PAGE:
at the bottom of the cage with wings spread

Unfortunately, he emerged on the first rainy day in more than a week. Best practices say you shouldn’t release butterflies in the rain because they’re too light to tolerate raindrops, so this was the one I previously mentioned looking wistfully out the window:

hanging upside-down from a cage while looking out the window

The next morning was sunny, and he was ready to be released:

hanging to the side of the mesh cage, much bigger than a dime

One last comparison with a dime:

side view as he's hanging off my fingertips

Then I moved him to a black-eyed susan, and off he flew:

letting him climb onto a flower

More about our monarchs

It was only a matter of time before my noticing the goings-on of monarchs in the garden turned into fostering caterpillars in our kitchen.

two caterpillars sharing a leaf

According to several monarch sites, only around 5 to 10 percent of monarch eggs result in butterflies. The rest are struck by predators (including ladybugs!) or disease. And the population of adult monarchs that overwinter in Mexico has dropped dramatically over the last several years.

caterpillar in J formation

We’re doing our part to help the population rebound by bringing them indoors. I want to help them all, but we only have so much space (and time), so I’m doing the best I can with the ones in our care. This generation, that meant nine caterpillars: three brought in as caterpillars, six that hatched inside. There also were three other eggs that didn’t hatch.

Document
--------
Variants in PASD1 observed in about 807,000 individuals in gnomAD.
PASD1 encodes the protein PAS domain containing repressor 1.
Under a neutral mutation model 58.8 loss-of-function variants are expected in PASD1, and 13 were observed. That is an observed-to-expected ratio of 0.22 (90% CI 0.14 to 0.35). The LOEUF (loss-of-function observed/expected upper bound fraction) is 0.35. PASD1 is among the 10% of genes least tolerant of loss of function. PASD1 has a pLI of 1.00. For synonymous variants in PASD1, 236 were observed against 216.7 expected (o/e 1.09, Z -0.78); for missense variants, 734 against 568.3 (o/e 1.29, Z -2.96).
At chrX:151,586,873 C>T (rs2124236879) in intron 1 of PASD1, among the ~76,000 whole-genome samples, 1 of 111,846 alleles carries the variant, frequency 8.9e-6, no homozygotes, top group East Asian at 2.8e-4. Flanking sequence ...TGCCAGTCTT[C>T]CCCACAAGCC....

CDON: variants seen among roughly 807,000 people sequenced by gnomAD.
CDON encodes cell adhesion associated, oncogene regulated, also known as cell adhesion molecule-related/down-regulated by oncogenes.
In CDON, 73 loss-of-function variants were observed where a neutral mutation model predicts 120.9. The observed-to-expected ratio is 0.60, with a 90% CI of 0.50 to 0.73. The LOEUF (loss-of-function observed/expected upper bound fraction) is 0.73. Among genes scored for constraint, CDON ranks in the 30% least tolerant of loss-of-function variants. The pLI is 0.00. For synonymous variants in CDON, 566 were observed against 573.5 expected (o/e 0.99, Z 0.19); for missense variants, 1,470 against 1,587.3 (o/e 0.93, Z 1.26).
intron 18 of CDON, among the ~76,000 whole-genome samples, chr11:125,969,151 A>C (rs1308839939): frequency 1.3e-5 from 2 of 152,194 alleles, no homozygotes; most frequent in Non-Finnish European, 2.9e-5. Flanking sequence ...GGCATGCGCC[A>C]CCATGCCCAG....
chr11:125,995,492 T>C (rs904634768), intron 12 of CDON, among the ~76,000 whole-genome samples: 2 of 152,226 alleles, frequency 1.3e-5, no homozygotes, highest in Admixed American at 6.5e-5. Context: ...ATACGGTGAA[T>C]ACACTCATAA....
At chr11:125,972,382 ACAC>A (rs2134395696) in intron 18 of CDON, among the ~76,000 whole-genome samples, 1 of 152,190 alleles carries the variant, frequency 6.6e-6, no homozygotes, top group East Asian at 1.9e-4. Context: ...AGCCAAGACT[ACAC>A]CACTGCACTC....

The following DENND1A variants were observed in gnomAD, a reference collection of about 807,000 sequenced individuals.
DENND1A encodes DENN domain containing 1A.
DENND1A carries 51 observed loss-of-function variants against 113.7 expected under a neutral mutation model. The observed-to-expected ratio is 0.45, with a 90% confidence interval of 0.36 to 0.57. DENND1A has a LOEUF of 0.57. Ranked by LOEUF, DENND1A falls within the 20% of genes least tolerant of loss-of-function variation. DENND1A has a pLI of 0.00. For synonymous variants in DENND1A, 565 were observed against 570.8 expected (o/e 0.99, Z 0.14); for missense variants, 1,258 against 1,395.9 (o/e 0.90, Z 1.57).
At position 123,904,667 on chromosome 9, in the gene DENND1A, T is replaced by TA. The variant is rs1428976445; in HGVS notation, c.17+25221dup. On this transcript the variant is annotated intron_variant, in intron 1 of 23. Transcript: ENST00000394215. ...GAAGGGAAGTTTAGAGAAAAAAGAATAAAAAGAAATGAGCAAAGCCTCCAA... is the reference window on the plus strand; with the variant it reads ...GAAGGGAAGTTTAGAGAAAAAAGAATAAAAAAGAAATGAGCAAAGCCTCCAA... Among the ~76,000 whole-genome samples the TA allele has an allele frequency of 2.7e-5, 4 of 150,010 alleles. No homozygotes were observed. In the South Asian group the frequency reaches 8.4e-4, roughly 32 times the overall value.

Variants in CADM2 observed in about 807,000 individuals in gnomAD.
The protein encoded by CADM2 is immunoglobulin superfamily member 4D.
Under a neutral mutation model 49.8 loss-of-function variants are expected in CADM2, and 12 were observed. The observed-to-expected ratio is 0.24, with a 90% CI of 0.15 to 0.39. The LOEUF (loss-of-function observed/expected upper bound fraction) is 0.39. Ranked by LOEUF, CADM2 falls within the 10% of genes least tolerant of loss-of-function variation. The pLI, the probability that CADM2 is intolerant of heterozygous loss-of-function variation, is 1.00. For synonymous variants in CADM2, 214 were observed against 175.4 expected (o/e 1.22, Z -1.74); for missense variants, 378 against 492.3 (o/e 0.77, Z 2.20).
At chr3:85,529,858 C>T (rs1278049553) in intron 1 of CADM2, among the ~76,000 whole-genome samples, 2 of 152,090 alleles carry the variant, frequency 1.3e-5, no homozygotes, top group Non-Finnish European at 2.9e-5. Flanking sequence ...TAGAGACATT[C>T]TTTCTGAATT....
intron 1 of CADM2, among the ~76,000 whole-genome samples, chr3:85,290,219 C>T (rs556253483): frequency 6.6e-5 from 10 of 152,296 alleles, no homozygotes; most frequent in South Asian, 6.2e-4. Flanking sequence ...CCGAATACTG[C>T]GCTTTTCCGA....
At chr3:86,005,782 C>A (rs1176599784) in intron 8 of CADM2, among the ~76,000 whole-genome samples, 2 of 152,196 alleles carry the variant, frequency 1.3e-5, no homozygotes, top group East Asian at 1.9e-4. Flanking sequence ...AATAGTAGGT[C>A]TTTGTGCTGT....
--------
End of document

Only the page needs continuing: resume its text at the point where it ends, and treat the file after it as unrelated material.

one new butterfly and two dark chrysalises

The last six weeks have been a blur of eggs, caterpillars, moltings, milkweed, chrysalises, and wings. Plus dozens of milkweed leaves.

milkweed leaf with lots of holes

And poop. Lots and lots of poop. (Or to be more scientific, “frass.”) When they’re little, the poop looks like pepper flakes.

medium-sized caterpillar and frass

I don’t prefer the term “larva.” I know it’s scientific, but it sounds like something undesirable and writhing and creepy. I’m going with “caterpillar.”

Same with “pupa” – it’s a beautiful green chrysalis.

five chrysalises hanging in one container

The system I’ve settled with:

incubator (for eggs that haven’t hatched) – this would be better with a clear lid

small plastic container with a black lid

nursery (for the littlest hatchlings)

large gladware container

small cage and big cage for caterpillars, sorted by size, using nylons over the openings so they don’t escape

small plastic cage with nylons over the lid

laundry hamper for when a butterfly hatches but I’m not around to let it go for a couple hours. We found out with the first butterfly that after its wings are dry, it will be ready to start flying – and then it panics when it can’t climb back up the plastic walls.

plastic container with a butterfly ready for release

These hampers give them more space to move and even fly a bit.

mesh laundry hamper with three butterflies

I’ve gotten pretty good at relocating chrysalises – something I never thought I would do. They form the chrysalises in the plastic containers, but most days, leaving them there isn’t a good idea because I am not home to release them right away. One site suggests knotting dental floss around the cremaster, and that works well. I then tie it on the strap of the laundry hamper.